Historical Sacred sites linked to the Apostle of Ireland
Sanctuary of St Patrick, Lough Derg | Co. Donegal
St Patrick’s Purgatory | Lough Derg is a unique island of deep prayer and a living part of Irish Christian Heritage. St Patrick himself was called to the island. Pilgrims have been travelling to the sacred site on Station Island, County Donegal for centuries. The small island is set in calm lake waters where there are no distractions or interruptions making it a conducive place to go into deep prayer and to get closer to the authentic self.
Saint Patrick’s Cathedral Dublin
A place of worship, Saint Patrick’s Cathedral was built in honour of Ireland’s patron saint. The Dublin cathedral stands adjacent to the famous well where tradition has it Saint Patrick baptised converts to the faith on his visit to Dublin.
The Rock of Cashel
Steeped in legend surrounding St Patrick is the Rock of Cashel, Co Tipperary. It’s said that St Patrick visited Cashel to meet and baptise the powerful King of Munster, Aonghus.
Saint Patrick’s Well, Clonmel
Little is really known about the Irish stone cross but it’s thought that Saint Patrick passed through here and may have used this place baptise pilgrims into Chrisitanity. The stone statue of Saint Patrick was erected by the Saint Patrick’s Day Society in 1958
Down Cathedral – St Patricks Grave Stone
County Down Cathedral stands on the site of a Benedictine Monastery built in 1183. St. A stone in the graveyard in 1900 commemorates Saint Patrick’s burial place is on the hill. The memorial stone is a slab of granite from the nearby Mourne Mountains. Crosses from the 9th, 10th and 12th Centuries are also preserved in the Cathedral grounds. The tradition of the hill being the burial place of Saints Brigid and Columcille gives rise to the well-known couplet: In Down, three saints one grave do fill, Patrick, Brigid and Columcille. Tradition has it that in year 5th century Patrick arrived in Ireland bringing the Faith. He was brought to Ireland as a slave, and during his years of captivity he spent much time in prayer. After six years of slavery and hardship Patrick tells of a dream in which a man named Victoricus brings him a letter headed ‘The Cry of the Irish.’ We are told that Patrick was given a barn in Saul as his first church by the local chieftain, Dichu. The present Church of Ireland church at Saul, 2 miles distant from Down Cathedral was built in 1932 to commemorate the fifteen hundredth anniversary of Patrick’s arrival.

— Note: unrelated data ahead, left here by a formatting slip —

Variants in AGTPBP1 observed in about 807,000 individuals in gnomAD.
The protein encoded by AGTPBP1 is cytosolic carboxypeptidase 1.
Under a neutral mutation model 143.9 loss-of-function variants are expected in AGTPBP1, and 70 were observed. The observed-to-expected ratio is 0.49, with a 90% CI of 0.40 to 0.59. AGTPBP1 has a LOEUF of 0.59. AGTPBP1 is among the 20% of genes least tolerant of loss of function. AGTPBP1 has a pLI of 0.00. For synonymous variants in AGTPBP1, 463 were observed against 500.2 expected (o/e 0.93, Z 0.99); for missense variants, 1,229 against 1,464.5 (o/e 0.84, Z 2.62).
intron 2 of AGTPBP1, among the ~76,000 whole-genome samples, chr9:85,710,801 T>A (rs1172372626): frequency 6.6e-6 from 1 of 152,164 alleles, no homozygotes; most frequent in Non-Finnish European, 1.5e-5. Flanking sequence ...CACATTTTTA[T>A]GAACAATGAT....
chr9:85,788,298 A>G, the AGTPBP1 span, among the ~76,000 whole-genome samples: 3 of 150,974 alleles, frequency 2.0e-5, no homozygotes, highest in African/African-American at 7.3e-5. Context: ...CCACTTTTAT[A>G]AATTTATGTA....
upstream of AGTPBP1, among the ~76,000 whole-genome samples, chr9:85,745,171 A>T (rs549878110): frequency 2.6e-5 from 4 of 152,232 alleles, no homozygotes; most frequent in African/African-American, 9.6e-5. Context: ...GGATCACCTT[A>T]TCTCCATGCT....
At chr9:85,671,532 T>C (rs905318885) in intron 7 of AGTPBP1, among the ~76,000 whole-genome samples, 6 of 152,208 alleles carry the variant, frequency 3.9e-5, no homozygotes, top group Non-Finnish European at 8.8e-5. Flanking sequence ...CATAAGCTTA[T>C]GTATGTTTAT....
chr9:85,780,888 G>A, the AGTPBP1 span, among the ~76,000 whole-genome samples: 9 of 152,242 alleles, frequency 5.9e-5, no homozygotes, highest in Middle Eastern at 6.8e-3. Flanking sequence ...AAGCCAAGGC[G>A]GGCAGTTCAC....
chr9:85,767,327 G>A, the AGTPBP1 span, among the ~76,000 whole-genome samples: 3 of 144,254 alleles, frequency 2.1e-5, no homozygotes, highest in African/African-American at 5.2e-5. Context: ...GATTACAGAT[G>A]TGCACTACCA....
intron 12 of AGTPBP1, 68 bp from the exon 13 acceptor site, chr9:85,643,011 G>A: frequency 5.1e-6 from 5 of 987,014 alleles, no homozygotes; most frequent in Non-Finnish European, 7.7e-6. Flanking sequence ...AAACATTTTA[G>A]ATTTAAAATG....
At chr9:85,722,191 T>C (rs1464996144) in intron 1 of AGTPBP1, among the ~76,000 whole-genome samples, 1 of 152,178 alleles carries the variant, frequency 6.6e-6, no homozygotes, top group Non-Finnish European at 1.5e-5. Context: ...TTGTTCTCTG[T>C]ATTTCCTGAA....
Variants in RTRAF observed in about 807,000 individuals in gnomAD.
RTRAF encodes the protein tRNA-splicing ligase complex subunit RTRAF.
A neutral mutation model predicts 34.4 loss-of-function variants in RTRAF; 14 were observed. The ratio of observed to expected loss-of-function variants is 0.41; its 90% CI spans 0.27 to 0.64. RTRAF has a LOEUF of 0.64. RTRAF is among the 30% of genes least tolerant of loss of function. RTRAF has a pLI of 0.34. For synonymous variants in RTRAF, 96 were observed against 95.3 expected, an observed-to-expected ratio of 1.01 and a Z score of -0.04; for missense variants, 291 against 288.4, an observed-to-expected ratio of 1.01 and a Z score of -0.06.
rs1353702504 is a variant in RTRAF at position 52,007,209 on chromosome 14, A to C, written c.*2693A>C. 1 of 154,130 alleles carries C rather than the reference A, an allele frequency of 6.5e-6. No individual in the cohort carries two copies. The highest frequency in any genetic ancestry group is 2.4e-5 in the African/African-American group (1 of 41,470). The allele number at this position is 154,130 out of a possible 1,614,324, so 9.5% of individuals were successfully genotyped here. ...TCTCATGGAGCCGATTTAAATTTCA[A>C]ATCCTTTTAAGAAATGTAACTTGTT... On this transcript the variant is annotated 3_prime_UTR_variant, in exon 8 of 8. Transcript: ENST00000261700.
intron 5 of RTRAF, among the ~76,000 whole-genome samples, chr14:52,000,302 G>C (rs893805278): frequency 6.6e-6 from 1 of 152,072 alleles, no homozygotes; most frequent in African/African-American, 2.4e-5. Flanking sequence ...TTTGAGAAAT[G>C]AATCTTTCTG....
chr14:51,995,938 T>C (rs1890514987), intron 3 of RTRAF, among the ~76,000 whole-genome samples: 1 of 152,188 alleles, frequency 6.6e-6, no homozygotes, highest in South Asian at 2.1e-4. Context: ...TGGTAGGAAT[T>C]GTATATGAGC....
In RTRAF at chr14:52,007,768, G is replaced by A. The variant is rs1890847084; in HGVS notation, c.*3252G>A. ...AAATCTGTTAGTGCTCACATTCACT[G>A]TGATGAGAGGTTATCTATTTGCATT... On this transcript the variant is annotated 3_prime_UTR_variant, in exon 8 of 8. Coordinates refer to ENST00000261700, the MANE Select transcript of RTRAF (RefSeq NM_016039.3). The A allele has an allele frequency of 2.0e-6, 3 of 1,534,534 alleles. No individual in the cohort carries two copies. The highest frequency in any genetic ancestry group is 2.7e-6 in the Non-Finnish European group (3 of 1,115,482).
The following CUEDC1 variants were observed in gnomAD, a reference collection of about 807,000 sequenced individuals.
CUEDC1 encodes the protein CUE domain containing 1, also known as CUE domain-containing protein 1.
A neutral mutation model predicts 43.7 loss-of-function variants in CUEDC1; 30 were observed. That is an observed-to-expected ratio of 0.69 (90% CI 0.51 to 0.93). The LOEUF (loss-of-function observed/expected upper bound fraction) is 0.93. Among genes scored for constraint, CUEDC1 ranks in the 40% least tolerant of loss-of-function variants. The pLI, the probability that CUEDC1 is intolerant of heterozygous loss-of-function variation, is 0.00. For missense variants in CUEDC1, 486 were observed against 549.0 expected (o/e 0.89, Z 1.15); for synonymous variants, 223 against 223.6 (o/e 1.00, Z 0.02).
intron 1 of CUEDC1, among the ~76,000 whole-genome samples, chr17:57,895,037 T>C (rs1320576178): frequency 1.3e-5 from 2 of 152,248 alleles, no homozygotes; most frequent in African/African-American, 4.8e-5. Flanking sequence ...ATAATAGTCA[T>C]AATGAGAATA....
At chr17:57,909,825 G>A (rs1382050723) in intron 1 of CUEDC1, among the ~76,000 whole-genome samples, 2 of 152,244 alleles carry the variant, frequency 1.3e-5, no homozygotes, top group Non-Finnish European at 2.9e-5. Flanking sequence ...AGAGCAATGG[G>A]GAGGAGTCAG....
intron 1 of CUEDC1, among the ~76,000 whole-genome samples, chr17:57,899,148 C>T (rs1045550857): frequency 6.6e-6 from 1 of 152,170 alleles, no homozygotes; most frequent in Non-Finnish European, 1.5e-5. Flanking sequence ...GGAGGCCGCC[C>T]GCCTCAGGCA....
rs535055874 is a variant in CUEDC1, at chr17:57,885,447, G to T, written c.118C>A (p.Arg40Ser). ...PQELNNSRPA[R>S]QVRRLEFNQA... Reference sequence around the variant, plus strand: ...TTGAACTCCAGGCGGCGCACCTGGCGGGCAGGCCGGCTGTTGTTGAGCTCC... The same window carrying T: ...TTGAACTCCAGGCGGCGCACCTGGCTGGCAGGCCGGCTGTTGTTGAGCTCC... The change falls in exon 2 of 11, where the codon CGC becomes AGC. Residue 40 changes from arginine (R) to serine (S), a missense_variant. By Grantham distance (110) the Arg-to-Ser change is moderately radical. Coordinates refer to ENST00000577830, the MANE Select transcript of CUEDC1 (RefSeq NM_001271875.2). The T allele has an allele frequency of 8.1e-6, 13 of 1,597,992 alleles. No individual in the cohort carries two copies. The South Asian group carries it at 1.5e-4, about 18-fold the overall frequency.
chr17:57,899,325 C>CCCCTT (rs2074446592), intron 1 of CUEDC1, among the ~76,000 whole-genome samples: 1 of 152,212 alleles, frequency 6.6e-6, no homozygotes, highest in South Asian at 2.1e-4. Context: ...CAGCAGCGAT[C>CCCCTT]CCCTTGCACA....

Croagh Patrick aka Patrick’s Mountain. In Irish it’s spelt Cruach Phádraig. The 2000ft mountain is an important site of pilgrimage in County Mayo. It’s been a site of serious pilgrimage for years and years. It is a challenging, unique and the magnificent landscape to climb. A site of early Pagan pilgrimages, summer solstice gatherings and now Christian Buddhist and Catholic pilgrimages. Thousands of people climb the mountain every Reek Sunday, the last Sunday in July. Croagh Patrick is associated with St Patrick, the Aposlte of Ireland. He is reputedly to have fasted on the summit for forty days in the 5th century A.D. From St. Patrick’s own time there had been some sort of a little chapel on the summit called “Teampall Phadraig”. Remains of a foundation have been found, and in 1905 a small chapel was built on the summit. The little church is open every day during the summer, and mass is celebrated in the church on Reek Sunday and on 15 August. It takes about 3 hours, depending on fitness!, to climb to the summit where the breeze, the Spiritual vibrations and views are magical. Magical unspoilt scenery, dramatic valleys, forests and harbours make an incredible setting for a Spiritual pilgrimage, the Gaelforce adventure race, mountain biking or hill walking for a more gentle style!
Máméan Pilgrimage in Connemara
Thirty miles away from Croagh Patrick the lesser known Mámean pilgrim site dates back to the 5th century. At the summit of the Maum Turk Mountains in Connemara there is a natural rugged passage way known as Máméan – an ancient pilgrim site dedicated to St. Patrick. Legend tells of how St. Patrick on his travels through Joyce Country climbed Mámean and gave Connemara his blessing. Pre-dating this time it is also associated with the Lughnasa Solstice festivals. Like many pagan sites it was Christianised, evolving into Reek Sunday – the last Sunday in July or the first Sunday in August. The site is marked by a holy well, St. Patrick’s Bed – a cleft in the rock and a circle of stone crosses represent the Stations of the Cross. Completing the shrine is a Mass Rock – used during the eighteenth century penal times when Catholicism was outlawed. A small chapel was built beside St. Patrick’s bed, and a statue of St. Patrick depicted as a shepherd with a sheep at his feet. Today a pilgrimage takes place three times a year on St. Patrick’s Day, Good Friday and the first Sunday in August. A variety of objects are left behind as offerings.